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<p><BR/>Replying to:<BR/><DIV CLASS='Discussion_PostQuote'>The energy level that I see published for the LHC is 14Tev or 14 x 10^12 eV.&nbsp; Now 1 eV is 1.602 x 10^-19 J so 14 TeV is 2.242 x 10^-6 J.&nbsp; A 400 metric ton train traveling at 150 km/h has a kinetic energy of 3.472x 10^8&nbsp;J which is about 1.548x 10 ^14 times the mass of an individual particle at 14 Tev.&nbsp; So to match the energy of the train with 14 TeV protons you will need about 155 trillion protons.&nbsp; One might consider that more than simply a "stream" of protons.That is still a lot of energy in an elementary particle.&nbsp; A one pound baseball traveling at 60 mph has a kinetic energy of about 164 J.&nbsp; So to that match that would only take about 67.8 million protons.&nbsp;A 10 lb infant crawling across the floor at 3 ft/s has a kinetic energy of about 1.9 J, equivalent to only 784,000 14 Tev protons, which is getting closer to a stream.&nbsp; And a 1 gram insect flying at 1 m/s has a kinetic energy of 5 x 10^-4 J and could be matched by 207 protons at 14 TeV each, and that would certainly qualify as a stream in my book. <br /> Posted by DrRocket</DIV></p><p>I think the train analogy comes from the wiki article:</p><p>http://en.wikipedia.org/wiki/Large_Hadron_Collider</p><p><em>"The size of the LHC constitutes an exceptional engineering challenge with unique safety issues. While running, the total energy stored in the magnets is <span style="white-space:nowrap">10 <span class="mw-redirect">GJ</span></span>, while each of the two beams carries an overall energy of <span style="white-space:nowrap">362 MJ</span>. For comparison, <span style="white-space:nowrap">362 MJ</span> is the kinetic energy of a TGV running at <span style="white-space:nowrap">157 <span class="mw-redirect">km/h</span></span> (<span style="white-space:nowrap">98 mph</span>), while <span style="white-space:nowrap">724 MJ</span>, the total energy of the two beams, is equivalent to the detonation energy of approximately 173&nbsp;kilograms (380&nbsp;lb) of TNT, and <span style="white-space:nowrap">10 GJ</span> is about <span style="white-space:nowrap">2.4 tons of TNT</span>. Loss of only 10<sup>&minus;7</sup> of the beam is sufficient to quench a superconducting magnet, while the beam dump must absorb an energy equivalent to a <span class="mw-redirect">typical air-dropped bomb</span>." </em></p><p>&nbsp;</p><p>Which seems to fits perfectly with your result of 347 MJ at 150km.&nbsp; Considering the two beams are 7 TeV each, the stream of photons would be 77.5 trillion photons each which would be a stream, if laid side by side, of only about 5 cm.&nbsp; Seems like a reasonable 'beam' to me.&nbsp; The individual proton might have the energy of a small bug (impressive by itself), but the full impact of the beam is like a train.</p> <div class="Discussion_UserSignature"> <div> </div><br /><div><span style="color:#0000ff" class="Apple-style-span">"If something's hard to do, then it's not worth doing." - Homer Simpson</span></div> </div>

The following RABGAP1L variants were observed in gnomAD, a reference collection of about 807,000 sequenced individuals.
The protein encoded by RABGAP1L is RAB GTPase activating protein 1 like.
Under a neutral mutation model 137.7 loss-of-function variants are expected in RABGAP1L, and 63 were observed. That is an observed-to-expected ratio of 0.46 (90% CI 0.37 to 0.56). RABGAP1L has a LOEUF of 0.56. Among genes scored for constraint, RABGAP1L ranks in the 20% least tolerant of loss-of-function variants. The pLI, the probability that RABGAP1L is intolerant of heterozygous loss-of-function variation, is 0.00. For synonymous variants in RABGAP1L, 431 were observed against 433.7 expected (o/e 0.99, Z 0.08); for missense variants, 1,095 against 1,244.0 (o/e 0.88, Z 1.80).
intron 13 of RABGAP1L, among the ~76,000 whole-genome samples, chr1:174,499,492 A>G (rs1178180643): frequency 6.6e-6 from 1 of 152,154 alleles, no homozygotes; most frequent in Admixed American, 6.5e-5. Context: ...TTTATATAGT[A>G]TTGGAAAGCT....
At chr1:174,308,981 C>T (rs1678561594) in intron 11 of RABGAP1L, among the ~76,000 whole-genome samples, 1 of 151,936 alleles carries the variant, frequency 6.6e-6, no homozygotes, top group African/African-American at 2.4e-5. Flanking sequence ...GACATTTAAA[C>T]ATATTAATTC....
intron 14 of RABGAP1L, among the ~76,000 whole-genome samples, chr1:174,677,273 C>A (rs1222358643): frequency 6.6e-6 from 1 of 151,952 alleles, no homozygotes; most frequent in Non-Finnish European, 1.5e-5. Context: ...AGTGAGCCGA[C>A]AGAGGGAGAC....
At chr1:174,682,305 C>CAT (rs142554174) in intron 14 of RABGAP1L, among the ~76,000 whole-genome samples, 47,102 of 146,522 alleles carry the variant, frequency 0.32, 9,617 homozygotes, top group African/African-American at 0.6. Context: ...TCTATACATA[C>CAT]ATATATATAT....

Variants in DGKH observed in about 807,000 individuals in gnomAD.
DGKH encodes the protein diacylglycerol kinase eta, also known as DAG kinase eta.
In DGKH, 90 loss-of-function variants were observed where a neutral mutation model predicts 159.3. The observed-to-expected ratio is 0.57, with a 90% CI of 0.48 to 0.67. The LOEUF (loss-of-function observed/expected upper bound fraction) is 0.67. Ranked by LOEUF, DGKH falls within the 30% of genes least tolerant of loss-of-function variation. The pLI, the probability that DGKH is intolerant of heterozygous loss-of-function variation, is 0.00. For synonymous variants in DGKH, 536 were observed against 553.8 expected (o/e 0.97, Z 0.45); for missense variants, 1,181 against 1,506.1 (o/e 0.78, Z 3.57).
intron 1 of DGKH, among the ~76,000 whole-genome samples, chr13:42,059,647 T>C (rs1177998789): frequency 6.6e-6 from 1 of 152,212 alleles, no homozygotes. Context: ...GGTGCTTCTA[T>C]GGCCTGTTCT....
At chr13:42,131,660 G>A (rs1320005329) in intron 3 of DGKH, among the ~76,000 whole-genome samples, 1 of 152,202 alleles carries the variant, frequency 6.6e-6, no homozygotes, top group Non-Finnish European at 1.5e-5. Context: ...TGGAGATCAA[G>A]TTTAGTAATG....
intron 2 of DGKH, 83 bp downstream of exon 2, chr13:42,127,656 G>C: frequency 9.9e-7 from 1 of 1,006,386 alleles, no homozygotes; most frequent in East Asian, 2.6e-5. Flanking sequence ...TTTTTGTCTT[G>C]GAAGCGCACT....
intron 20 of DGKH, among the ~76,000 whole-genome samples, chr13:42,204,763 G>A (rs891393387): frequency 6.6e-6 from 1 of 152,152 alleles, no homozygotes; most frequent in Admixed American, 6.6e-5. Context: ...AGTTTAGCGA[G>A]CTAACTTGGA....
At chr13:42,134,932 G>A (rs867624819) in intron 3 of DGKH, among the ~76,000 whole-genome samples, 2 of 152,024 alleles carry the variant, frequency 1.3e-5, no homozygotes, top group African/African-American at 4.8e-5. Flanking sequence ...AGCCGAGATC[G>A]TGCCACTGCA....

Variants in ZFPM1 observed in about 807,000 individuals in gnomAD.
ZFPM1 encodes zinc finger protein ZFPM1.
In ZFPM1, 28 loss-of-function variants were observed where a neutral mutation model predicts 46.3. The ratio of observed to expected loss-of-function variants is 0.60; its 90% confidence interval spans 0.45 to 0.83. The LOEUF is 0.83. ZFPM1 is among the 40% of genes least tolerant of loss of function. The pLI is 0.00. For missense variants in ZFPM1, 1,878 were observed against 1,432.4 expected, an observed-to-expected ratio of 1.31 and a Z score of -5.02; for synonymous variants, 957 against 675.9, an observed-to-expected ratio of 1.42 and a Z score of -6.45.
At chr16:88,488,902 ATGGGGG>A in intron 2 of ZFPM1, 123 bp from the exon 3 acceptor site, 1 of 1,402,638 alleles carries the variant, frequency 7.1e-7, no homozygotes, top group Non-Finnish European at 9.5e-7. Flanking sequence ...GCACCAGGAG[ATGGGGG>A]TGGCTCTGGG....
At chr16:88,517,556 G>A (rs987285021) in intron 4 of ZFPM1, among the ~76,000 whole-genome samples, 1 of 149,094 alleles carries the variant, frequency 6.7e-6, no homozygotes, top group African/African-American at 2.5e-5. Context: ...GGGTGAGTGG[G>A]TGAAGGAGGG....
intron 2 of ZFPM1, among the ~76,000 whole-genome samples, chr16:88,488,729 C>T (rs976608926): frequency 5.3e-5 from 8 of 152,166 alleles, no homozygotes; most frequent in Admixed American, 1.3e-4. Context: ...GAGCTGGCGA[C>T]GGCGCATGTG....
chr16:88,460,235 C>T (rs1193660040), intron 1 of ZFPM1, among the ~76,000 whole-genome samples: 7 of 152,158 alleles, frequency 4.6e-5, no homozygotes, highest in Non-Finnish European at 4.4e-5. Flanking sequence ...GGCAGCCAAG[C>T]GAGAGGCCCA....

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DrRocket